The Swiss Central Bank Has Surprised Investors by Raising Interest Rates for the First Time Since 2007

On Thursday, the Swiss National Bank hiked its policy interest rate for the first time in 15 years, following other central banks in tightening monetary policy to combat rising inflation and sending the safe-haven franc substantially higher.

The central bank raised its policy rate from -0.75 percent to -0.25 percent, the highest level since 2015. The rise was the SNB‘s first since September 2007.

“We see at the moment that inflation has increased in Switzerland — we have close to 3% — and we also observed that we have a certain risk of second-round effects,” SNB Chairman Thomas Jordan told CNBC‘s Julianna Tatelbaum on Thursday.

“We came to a conclusion that it is now better to increase interest rates by 50 basis points and not by 25 points in order to make an initial first step, in order to really also signal that we are fighting inflation so that it will also, over the medium-term, be in the range of price stability.”

The action follows the Federal Reserve’s 0.75 percent rate hike on Wednesday, while the European Central Bank suggested last week that it will boost rates in July to fight the eurozone’s 8.1 percent inflation rate.

“The tighter monetary policy is aimed at preventing inflation from spreading more broadly to goods and services in Switzerland. It cannot be ruled out that further increases in the SNB policy rate will be necessary in the foreseeable future to stabilize inflation in the range consistent with price stability over the medium term,” it said in a statement.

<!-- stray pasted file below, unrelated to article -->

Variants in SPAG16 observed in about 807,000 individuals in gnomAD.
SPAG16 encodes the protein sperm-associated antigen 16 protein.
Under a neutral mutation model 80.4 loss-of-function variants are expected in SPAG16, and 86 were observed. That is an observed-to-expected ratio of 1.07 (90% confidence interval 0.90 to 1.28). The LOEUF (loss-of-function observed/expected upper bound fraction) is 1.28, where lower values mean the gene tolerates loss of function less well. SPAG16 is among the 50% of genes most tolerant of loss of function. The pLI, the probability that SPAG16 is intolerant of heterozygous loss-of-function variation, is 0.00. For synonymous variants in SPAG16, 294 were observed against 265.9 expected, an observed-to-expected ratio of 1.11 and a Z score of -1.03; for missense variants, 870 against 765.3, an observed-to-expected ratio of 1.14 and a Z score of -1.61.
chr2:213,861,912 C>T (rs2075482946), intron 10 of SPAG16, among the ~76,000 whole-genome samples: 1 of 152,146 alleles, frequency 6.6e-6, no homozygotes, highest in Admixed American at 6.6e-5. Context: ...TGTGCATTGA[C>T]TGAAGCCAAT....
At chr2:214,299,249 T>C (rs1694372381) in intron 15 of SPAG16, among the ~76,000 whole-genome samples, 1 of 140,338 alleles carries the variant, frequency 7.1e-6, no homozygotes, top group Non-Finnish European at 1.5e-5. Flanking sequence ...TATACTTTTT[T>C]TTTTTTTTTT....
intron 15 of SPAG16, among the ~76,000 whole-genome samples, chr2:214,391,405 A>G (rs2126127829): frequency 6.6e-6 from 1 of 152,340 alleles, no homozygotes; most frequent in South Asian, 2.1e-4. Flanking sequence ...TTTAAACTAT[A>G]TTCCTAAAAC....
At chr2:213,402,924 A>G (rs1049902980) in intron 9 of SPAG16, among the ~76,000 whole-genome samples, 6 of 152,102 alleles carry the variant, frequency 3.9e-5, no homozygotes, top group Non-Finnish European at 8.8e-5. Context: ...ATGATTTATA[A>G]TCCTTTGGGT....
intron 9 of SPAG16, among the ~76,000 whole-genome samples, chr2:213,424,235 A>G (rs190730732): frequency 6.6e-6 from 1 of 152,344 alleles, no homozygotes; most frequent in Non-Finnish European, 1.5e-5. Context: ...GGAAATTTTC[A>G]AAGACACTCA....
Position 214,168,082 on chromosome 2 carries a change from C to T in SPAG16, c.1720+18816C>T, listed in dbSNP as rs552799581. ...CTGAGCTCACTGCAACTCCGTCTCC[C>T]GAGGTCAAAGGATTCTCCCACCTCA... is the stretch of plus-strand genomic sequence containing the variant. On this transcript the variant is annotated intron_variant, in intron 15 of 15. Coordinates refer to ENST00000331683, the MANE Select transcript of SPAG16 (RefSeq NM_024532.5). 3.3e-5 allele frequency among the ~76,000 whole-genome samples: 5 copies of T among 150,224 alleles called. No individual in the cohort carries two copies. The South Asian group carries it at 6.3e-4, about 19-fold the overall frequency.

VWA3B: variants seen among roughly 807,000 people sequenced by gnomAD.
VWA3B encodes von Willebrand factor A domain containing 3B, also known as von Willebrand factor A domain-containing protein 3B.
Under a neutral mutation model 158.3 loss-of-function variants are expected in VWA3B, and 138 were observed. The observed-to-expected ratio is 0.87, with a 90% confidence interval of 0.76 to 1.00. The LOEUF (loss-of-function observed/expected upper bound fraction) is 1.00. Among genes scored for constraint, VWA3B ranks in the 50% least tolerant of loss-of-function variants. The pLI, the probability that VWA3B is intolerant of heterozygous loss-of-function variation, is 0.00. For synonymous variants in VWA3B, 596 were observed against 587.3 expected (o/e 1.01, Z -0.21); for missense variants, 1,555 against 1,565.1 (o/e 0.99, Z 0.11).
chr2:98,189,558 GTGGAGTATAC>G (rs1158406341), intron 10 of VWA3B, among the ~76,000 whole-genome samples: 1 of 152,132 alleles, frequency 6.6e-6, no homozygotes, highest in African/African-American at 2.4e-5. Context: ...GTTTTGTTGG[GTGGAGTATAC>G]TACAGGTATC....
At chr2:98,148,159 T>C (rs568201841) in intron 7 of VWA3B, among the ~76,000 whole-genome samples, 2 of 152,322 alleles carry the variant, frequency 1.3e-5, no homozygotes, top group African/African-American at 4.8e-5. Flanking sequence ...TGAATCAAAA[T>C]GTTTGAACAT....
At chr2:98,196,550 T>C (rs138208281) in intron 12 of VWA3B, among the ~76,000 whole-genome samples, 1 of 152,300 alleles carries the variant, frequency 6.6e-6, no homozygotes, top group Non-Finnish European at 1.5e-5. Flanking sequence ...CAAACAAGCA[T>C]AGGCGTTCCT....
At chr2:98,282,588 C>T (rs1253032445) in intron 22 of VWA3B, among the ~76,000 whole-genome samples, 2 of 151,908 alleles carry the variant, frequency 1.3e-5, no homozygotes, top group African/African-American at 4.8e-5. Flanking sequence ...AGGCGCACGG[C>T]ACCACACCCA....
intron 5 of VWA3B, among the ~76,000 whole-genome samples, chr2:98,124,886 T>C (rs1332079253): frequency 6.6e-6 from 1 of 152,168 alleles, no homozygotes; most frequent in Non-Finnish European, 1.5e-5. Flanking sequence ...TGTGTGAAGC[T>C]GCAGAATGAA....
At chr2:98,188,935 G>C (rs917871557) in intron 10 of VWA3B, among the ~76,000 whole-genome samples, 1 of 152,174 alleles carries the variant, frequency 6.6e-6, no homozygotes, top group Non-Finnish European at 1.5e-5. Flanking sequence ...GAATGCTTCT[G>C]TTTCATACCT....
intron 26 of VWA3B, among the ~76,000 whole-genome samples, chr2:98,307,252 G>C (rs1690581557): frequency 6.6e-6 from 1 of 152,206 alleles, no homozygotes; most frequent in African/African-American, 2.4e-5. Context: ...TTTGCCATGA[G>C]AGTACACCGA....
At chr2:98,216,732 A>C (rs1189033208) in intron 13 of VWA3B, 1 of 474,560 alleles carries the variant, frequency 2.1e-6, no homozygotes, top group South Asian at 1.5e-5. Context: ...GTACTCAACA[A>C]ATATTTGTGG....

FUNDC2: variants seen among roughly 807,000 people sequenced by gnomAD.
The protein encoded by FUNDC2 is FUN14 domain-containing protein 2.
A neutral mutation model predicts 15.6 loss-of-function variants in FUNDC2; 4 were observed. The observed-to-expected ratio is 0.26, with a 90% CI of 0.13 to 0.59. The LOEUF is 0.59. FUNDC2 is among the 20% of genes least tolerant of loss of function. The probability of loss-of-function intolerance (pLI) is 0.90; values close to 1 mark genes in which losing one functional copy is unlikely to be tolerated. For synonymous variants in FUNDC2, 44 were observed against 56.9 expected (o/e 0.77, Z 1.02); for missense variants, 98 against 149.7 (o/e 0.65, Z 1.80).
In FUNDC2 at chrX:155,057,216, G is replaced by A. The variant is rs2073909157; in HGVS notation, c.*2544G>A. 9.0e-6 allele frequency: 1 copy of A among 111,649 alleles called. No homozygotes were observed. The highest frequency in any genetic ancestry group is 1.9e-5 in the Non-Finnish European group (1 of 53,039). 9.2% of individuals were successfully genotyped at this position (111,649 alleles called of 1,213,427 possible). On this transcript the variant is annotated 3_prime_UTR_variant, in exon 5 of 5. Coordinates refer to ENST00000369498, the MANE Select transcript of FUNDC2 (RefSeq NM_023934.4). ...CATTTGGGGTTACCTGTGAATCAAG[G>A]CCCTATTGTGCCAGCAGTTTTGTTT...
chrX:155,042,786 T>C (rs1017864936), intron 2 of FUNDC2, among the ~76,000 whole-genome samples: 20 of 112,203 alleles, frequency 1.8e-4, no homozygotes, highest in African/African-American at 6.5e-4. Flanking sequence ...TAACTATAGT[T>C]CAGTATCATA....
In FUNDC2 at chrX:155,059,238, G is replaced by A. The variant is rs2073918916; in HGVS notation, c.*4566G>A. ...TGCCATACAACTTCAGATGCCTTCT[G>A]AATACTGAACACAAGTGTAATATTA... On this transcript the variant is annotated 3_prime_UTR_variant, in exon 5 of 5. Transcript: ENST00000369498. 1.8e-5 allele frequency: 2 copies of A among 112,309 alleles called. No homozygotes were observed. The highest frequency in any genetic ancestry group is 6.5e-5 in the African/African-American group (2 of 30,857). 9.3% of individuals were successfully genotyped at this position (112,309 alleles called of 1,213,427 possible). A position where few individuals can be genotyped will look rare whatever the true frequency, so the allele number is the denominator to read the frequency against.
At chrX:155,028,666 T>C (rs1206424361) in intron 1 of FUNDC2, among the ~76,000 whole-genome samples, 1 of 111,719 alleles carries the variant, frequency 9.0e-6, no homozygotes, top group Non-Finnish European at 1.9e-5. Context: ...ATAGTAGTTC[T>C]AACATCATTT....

Swiss National Bank (SNB), the central bank of Switzerland. PHOTO: FABRICE COFFRINI | AFP | Getty Images

Swiss National Bank (SNB), the central bank of Switzerland. PHOTO: FABRICE COFFRINI | AFP | Getty Images

“To ensure appropriate monetary conditions, the SNB is also willing to be active in the foreign exchange market as necessary.”

The strength of the safe-haven franc has reduced the effect of inflation in Switzerland by lowering rising prices for fuel and food imports.

Nonetheless, the SNB boosted its 2022 inflation projection to 2.8 percent from 2.1 percent in March. It also forecasts 1.9 percent and 1.6 percent inflation in 2023 and 2024, respectively, up from 0.9 percent in both years previously.

The SNB continues to forecast that the Swiss economy will grow by roughly 2.5 percent in 2022.

Information from CNBC was used in this report



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